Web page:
Ten years ago this summer I was working as the Art Director of a camp in the mountains of Tucson, AZ. Each week a new group of kiddos filed in, ready for nature hikes and s'mores but terrified to be away from home. On one of the days between groups, I drove down into town to enjoy my time off. When the camp director called, I was sure it was to tell me to pick up some supplies before I returned, but instead I heard, "Don't come back--the mountain is on fire." The entire summer camp and many homes burned to the ground that week, and there was never time for me to go save any of my belongings. Ultimately, my loss was minimal—some clothes, my art supplies, camping equipment, and other miscellanea—things that mattered very little when I considered I was alive and safe and so were all our campers.
Today, as fires blaze across our state, I am reminded how lucky I was—how lucky we all were—to have lost so little in the face of nature's devastating destructive power. Many of our friends and neighbors here in Colorado have lost everything, watching helplessly as their homes disappear. However, if there is any good that comes out of a tragedy like the one playing out right now, it is that it reminds us of our common humanity, our commitment to helping our neighbors, and how much we can accomplish when we work together.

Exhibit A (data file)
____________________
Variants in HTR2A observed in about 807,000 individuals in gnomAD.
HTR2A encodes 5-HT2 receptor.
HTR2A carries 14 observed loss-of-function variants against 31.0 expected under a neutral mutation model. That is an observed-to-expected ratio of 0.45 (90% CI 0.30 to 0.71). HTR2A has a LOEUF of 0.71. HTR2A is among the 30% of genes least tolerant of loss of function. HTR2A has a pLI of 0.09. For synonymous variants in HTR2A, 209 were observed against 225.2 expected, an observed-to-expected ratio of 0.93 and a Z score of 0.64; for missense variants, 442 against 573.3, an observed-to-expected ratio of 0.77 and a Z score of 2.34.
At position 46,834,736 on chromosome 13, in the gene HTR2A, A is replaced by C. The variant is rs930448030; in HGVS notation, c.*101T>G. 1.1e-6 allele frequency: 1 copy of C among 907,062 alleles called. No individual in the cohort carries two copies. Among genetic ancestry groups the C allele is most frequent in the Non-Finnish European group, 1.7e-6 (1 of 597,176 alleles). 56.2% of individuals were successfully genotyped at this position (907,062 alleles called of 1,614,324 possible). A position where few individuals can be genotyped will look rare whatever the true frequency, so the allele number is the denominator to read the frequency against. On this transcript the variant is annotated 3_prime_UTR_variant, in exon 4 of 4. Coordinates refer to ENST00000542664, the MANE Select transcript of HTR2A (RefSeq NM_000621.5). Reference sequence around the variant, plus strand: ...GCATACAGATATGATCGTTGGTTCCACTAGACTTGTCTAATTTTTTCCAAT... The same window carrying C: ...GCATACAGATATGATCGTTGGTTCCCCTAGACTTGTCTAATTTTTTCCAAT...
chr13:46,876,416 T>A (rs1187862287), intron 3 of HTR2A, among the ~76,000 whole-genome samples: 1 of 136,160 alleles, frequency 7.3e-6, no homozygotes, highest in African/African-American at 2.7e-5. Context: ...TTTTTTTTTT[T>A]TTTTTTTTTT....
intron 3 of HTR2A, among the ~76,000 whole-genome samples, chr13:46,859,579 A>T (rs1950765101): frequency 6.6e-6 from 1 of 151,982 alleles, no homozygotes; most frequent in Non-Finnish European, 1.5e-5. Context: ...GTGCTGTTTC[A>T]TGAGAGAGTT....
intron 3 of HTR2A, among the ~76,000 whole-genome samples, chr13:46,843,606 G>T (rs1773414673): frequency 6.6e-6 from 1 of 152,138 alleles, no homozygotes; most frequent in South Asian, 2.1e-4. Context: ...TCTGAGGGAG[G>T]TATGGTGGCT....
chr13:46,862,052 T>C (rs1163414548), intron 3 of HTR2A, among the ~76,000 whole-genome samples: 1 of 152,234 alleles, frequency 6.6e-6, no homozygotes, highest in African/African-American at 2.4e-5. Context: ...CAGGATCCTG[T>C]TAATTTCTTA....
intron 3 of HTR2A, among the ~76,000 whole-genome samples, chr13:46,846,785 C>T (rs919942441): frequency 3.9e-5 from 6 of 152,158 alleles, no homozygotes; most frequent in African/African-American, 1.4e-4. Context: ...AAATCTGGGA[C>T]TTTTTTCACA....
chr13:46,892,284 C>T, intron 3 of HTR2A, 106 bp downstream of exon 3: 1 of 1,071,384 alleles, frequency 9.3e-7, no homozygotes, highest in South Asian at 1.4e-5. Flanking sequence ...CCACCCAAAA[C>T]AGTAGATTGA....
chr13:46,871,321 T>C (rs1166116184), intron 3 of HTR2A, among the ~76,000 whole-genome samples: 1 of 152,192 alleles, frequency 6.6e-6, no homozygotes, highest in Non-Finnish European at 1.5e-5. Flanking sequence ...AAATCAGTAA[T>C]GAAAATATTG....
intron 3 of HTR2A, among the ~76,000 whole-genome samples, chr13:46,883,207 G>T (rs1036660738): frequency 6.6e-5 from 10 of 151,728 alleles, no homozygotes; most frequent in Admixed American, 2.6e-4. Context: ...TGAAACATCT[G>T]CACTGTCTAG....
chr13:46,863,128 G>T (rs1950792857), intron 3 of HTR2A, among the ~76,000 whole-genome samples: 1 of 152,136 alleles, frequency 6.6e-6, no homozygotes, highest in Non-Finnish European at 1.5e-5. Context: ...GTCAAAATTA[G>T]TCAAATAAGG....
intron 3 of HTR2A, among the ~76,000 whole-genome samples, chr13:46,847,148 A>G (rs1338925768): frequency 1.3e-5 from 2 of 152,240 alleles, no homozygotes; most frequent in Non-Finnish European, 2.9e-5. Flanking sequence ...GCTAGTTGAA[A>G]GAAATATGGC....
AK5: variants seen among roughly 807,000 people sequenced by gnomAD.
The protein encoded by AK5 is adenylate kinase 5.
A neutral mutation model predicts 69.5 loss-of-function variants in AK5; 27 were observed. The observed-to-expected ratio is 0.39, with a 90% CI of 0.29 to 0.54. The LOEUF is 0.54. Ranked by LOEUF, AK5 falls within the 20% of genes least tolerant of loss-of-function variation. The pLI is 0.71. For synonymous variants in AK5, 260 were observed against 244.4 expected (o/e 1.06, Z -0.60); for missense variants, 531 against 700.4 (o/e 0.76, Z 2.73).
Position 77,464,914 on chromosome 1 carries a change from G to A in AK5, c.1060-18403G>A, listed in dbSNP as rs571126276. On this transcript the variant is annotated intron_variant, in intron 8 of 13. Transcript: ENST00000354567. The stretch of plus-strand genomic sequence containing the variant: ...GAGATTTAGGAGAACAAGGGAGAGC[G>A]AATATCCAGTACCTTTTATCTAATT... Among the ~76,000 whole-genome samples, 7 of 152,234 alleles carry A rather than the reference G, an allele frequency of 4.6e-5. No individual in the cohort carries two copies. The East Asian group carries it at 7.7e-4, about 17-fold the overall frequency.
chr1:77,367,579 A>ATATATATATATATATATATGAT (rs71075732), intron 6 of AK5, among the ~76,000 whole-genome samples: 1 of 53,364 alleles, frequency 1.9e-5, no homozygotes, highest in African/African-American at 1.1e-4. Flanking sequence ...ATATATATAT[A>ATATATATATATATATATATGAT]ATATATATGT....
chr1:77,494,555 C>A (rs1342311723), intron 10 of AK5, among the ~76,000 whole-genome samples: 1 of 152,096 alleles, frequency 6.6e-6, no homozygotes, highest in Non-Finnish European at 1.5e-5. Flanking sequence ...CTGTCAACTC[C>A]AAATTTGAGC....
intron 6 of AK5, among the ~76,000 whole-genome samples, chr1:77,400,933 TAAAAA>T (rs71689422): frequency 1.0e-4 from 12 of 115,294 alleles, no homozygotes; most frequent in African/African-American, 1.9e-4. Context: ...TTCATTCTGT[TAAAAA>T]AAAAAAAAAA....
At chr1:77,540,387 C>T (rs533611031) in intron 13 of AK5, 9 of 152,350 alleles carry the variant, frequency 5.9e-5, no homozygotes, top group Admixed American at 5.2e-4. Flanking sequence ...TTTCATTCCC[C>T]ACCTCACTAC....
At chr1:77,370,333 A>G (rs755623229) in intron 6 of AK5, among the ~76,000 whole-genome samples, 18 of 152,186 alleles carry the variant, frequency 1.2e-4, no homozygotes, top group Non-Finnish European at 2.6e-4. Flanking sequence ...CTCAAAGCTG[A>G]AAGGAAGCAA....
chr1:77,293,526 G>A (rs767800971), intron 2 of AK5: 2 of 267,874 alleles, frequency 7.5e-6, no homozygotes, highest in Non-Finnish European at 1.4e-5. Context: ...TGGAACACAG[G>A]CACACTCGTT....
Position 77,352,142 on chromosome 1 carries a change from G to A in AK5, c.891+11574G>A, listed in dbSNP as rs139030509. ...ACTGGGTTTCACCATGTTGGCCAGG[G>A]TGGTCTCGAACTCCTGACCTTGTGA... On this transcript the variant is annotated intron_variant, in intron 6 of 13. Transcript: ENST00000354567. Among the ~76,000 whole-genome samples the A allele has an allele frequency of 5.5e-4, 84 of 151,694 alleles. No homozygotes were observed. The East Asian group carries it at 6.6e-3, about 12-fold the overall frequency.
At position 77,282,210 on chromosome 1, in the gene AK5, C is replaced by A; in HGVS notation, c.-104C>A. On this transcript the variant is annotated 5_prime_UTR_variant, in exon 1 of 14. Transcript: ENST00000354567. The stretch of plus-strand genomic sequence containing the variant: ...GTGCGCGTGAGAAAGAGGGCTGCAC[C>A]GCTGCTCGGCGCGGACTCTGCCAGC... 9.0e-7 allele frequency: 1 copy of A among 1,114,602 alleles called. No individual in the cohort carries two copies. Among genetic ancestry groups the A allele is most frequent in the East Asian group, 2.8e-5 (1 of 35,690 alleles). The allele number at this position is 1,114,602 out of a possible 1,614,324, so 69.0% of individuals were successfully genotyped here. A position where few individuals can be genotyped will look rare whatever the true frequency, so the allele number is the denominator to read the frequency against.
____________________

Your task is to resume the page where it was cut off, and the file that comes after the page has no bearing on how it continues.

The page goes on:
It will be months before the fires are completely out and the damage assessed, and at that point the focus will be on finding the best path forward to rebuild and renew. The Supreme Court’s decision on the Affordable Care Act feels very similar—although we know it has been upheld, we won’t know the full implications for months or years. Using the new tools it gives us, we as a state must remain focused on finding the best path forward to improve our health care system. The key will be to do it together, concentrating on our shared aspirations for a better system than we have today.
If we could capture the camaraderie that comes from crisis and infuse it into our everyday lives, there is no telling what we could accomplish. What a gift it would be to feel invested in the health of your community every day, to feel inextricably connected to your neighbor, and to all work side-by-side to do more and be more. We each have the chance to shape our world and we can start today.
If you would like to donate funds or supplies to the fire relief effort, visit helpcoloradonow.org.